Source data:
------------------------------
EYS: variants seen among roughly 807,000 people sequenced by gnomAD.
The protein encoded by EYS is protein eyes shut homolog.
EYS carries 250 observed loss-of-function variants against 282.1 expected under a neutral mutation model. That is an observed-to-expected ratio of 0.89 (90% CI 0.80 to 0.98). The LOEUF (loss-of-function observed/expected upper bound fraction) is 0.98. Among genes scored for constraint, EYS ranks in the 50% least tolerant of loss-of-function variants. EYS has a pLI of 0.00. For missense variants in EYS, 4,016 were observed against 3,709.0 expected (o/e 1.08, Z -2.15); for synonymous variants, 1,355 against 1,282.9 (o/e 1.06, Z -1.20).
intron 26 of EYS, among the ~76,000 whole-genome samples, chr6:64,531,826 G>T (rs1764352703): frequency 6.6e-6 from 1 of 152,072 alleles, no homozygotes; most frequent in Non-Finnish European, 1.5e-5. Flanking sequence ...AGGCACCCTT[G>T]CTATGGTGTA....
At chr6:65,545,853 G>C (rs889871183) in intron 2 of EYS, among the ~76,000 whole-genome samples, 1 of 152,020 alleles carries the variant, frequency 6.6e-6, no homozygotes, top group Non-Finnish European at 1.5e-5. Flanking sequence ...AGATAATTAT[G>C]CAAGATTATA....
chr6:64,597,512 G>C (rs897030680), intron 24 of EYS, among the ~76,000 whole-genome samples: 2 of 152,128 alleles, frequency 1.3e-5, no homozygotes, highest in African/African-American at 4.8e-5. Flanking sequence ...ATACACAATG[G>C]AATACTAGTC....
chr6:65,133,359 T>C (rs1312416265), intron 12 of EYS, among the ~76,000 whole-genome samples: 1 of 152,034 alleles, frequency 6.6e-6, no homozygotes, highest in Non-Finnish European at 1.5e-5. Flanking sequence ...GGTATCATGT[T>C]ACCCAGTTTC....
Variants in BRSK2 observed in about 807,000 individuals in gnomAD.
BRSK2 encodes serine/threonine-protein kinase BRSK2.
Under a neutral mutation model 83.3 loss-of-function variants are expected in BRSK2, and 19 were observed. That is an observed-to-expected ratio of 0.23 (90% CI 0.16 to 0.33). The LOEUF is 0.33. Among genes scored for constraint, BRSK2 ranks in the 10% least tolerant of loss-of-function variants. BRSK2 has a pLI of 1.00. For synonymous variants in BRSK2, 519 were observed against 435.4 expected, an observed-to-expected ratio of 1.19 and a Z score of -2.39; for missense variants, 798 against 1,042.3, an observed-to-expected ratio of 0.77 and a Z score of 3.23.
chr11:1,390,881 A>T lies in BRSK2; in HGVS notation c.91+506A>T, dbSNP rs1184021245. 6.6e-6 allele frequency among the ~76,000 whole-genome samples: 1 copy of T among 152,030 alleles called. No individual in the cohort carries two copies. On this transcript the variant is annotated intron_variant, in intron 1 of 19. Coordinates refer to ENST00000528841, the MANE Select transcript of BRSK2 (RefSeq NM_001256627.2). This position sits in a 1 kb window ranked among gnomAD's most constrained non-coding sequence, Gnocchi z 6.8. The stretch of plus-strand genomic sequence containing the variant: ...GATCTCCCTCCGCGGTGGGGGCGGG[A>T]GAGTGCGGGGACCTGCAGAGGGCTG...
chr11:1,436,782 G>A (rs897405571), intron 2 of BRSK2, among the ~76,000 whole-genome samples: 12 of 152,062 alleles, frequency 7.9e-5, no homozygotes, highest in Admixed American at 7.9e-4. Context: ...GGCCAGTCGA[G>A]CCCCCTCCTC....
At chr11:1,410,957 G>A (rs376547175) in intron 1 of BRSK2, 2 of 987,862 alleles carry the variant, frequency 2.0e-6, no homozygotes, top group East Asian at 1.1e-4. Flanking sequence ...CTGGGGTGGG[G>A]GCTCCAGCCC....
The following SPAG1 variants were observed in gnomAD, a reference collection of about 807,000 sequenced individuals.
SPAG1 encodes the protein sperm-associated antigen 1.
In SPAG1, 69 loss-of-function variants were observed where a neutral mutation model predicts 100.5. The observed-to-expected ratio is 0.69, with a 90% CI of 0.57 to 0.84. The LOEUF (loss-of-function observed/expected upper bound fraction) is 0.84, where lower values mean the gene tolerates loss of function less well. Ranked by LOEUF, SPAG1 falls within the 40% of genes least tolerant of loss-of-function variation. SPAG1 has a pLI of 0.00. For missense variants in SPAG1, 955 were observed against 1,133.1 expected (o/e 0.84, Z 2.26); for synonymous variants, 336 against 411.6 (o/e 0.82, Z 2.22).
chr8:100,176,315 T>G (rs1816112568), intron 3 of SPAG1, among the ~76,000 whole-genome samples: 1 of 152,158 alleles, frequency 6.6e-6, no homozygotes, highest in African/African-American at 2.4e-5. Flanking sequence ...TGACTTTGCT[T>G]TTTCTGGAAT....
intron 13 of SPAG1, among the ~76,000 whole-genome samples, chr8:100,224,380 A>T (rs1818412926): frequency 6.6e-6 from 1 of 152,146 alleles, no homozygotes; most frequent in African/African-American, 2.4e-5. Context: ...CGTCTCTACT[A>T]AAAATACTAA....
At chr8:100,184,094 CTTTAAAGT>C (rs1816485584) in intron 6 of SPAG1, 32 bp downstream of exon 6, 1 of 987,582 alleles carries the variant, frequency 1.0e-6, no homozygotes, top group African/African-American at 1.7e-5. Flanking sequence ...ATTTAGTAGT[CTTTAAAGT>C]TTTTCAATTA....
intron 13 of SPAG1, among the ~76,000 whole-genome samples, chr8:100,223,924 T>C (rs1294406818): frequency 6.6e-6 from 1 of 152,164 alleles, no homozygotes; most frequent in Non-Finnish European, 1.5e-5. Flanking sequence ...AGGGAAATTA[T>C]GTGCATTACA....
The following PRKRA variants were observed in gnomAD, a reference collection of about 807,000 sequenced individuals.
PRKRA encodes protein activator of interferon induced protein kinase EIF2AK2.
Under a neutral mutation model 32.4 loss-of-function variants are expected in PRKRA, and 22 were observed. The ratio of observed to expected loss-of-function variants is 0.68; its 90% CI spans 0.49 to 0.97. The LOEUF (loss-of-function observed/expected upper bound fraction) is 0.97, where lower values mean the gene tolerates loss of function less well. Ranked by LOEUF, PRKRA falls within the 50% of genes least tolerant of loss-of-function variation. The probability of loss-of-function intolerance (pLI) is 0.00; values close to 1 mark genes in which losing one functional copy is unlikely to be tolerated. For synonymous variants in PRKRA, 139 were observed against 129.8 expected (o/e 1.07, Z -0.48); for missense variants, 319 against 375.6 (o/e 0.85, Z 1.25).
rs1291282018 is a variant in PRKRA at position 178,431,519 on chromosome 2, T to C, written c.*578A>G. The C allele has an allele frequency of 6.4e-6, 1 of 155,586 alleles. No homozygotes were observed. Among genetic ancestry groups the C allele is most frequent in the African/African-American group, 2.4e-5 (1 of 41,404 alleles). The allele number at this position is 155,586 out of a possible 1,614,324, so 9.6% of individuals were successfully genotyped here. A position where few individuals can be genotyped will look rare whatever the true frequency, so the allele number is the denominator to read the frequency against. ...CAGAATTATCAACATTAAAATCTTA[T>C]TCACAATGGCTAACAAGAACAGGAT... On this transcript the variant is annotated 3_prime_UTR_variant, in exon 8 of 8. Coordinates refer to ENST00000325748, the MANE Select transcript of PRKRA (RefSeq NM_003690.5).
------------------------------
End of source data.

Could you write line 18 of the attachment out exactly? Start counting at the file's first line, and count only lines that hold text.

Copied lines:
intron 13 of SPAG1, among the ~76,000 whole-genome samples, chr8:100,224,380 A>T (rs1818412926): frequency 6.6e-6 from 1 of 152,146 alleles, no homozygotes; most frequent in African/African-American, 2.4e-5. Context: ...CGTCTCTACT[A>T]AAAATACTAA....